Peter Krieg's blog

Software Teams Should Use a Code Style Guide

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I used to have strong opinions about code style and syntax. I mean, has anyone seen the Silicon Valley episode about tabs vs spaces?1 I thought I had to care about stuff like that to be a good developer 😂. I even created my own eslint plugin. Now, I couldn’t care less about any particular style rule - for example spacing of if statements, or single vs double quotes.

What I do care about is consistent code style so I don’t even have to think about this, and I can copy and paste code in my editor and have it be auto-formatted on save. If only there was a tool that could standardize this for you..

Prettier

Prettier is an opinionated code formatter that handles all of this for you. It includes sensible defaults out of the box, with limited configuration options (this is actually on purpose so you don’t need to drown in a config file like with eslint). Their “Why Prettier” has pretty compelling reasons but I wanted to describe a few reasons from my experience.

“Let Computers Do The Boring Parts”

Michael Lynch has a fantastic blog post where he talks about how automating as much as possible for code-reviews on teams makes everyone more efficient (and happy). Code syntax is a perfect example of this. Life is too short for nitpick PR comments about spacing of brackets. It adds unnecessary noise and distracts everyone from the actual important functionality a PR has. This is commonly referred to as “bikeshedding”.

Not everyone may agree with a given style guide - there are multiple choices after all (prettier standard, etc). But developers should realize that code is managed by a team and not a single person. A developer who writes some “beautiful” custom-formatted code might leave in 6 months. The next dev who looks at it thinks it’s confusing and ugly. The point is - we may all have different opinions about syntax, but style guides provide a reasonable default.

Why Use a Style Guide at All?

Some devs may argue “why should we even care about silly things like quotes”. Why can’t each developer just choose whatever they want? I’ve been at companies that adopted this approach and it’s certainly not terrible. But it prevents devs from enabling format-on-save in their editor - or else a one line change to a file could end up in a massive diff, something like this:

Github diff showing bunch of meaningless formatting changes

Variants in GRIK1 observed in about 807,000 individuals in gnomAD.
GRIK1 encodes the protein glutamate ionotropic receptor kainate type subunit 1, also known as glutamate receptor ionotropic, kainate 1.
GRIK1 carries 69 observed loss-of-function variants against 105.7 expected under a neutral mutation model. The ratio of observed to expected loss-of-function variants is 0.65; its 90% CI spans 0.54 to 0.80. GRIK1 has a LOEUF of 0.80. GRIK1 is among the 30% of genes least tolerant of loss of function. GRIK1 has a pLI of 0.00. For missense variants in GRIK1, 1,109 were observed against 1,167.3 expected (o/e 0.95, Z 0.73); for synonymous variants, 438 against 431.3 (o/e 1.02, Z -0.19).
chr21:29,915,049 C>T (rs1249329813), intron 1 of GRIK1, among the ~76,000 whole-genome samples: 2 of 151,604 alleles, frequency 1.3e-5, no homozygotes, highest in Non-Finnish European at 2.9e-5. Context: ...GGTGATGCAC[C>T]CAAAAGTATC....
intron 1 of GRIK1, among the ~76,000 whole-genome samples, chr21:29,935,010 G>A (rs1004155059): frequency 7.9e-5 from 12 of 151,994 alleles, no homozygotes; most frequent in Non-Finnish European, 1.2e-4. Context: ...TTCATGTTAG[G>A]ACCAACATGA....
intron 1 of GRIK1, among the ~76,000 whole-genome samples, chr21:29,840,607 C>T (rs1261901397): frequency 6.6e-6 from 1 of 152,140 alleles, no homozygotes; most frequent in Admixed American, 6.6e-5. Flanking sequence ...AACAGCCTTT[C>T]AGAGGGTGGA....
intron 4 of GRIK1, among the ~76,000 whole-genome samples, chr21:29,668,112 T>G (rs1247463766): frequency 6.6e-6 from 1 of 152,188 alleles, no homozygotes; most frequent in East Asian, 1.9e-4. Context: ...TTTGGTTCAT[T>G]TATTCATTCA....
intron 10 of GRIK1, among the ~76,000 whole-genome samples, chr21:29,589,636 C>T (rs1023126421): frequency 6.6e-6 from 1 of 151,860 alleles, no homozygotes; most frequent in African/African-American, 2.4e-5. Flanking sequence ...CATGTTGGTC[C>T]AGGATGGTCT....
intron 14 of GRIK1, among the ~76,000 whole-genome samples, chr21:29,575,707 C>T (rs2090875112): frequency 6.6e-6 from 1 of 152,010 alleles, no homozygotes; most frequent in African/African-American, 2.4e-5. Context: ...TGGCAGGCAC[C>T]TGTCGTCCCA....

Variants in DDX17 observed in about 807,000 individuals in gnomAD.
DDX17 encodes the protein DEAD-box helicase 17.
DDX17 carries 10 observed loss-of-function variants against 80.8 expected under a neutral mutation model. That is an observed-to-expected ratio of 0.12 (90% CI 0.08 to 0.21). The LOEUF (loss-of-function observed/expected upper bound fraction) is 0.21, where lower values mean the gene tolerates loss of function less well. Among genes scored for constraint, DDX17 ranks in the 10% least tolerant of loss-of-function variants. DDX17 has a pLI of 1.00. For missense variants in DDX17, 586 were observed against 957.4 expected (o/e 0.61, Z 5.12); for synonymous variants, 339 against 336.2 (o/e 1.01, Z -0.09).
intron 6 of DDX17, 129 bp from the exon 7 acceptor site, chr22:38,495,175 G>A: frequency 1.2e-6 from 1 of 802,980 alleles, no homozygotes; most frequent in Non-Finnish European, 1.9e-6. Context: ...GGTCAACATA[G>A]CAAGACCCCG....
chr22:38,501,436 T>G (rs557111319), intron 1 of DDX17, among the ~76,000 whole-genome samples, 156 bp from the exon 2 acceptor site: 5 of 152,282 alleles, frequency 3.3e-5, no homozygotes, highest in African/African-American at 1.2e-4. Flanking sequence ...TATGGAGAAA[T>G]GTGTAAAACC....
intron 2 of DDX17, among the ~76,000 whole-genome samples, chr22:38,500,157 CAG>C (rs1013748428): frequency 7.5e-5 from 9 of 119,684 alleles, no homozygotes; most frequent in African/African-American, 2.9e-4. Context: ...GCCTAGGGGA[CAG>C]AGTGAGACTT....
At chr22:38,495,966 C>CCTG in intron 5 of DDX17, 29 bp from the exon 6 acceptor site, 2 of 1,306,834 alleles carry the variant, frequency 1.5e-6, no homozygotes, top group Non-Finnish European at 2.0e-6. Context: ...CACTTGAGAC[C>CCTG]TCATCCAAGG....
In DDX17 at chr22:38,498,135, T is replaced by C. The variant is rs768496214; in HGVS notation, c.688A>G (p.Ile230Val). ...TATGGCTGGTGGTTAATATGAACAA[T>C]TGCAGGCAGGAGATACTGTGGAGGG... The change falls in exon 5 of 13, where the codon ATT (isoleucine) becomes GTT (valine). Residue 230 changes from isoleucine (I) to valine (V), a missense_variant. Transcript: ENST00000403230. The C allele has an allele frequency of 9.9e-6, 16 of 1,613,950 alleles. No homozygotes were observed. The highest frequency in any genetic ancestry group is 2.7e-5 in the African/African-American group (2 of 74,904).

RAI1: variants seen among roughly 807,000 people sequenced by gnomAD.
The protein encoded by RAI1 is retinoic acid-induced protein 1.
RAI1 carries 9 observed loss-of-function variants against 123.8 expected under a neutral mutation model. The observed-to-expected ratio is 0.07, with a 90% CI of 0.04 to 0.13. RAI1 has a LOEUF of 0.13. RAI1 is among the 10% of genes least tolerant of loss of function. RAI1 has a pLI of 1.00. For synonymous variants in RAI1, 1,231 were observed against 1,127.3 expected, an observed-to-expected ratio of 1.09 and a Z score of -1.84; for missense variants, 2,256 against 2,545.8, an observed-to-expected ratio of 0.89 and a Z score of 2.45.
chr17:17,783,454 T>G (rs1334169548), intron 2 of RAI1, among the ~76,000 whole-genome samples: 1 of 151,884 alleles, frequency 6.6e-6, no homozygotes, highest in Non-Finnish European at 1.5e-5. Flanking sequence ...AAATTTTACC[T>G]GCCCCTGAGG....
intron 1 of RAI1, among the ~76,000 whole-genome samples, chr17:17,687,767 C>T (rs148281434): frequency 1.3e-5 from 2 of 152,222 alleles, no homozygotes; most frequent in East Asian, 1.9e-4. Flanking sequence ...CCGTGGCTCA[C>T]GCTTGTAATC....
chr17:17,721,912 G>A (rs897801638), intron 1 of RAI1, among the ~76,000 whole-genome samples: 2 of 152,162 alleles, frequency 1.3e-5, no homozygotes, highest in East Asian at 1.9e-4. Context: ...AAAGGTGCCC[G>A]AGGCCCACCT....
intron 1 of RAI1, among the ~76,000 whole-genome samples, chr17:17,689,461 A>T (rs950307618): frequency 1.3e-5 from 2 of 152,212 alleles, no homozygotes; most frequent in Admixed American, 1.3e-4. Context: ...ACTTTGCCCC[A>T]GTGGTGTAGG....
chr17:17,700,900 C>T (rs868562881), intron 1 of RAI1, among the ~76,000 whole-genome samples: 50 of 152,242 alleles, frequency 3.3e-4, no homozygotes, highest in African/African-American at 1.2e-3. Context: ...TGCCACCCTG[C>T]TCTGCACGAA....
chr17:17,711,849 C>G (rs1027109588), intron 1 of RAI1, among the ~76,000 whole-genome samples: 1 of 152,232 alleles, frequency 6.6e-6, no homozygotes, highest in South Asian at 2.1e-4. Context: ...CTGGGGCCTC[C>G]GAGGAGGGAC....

Forcing developers to review meaningless format changes like this is a waste of time. Michael Lynch also has an excellent blog post about this

Removing the need to have discussion about code formatting makes teams more productive and more focused. Consistently-formatted code also has a few more advantages:

How to Adopt

Okay, so maybe you’re convinced about the benefits of a style guide, but you work for a company that already has a huge codebase. How on Earth are you going to format all of the code?

I spearheaded this at Logikcull a few years ago. We discussed it among the team and decided to tackle it all at once. My suggestions:

[blame]
  ignoreRevsFile = .git-blame-ignore-revs

Without this, the git history of files would be greatly complicated - almost every file would show the last edited date as the time of the autoformat commit.

We set this up at logikcull for typescript/javascript in spring of 2020 and it’s been smooth ever since then. In 2023 we adopted a similar style guide for the ruby codebase due to the same problems described in this blog post.

Footnotes

  1. All jokes aside, you should probably default to tabs on a new project for accessibility reasons

  2. For around 40,000 lines of code changed total, we actually did have one bug from the prettier autoformatting - which was actually an edge-case bug of prettier. This was mostly a quirk with some CSS-in-JS logic we had.. it was an unfortunate bug nonetheless. Rely on your test coverage with the massive autoformat PR, or do some manual testing to feel better about it. Don’t ship it on a Friday!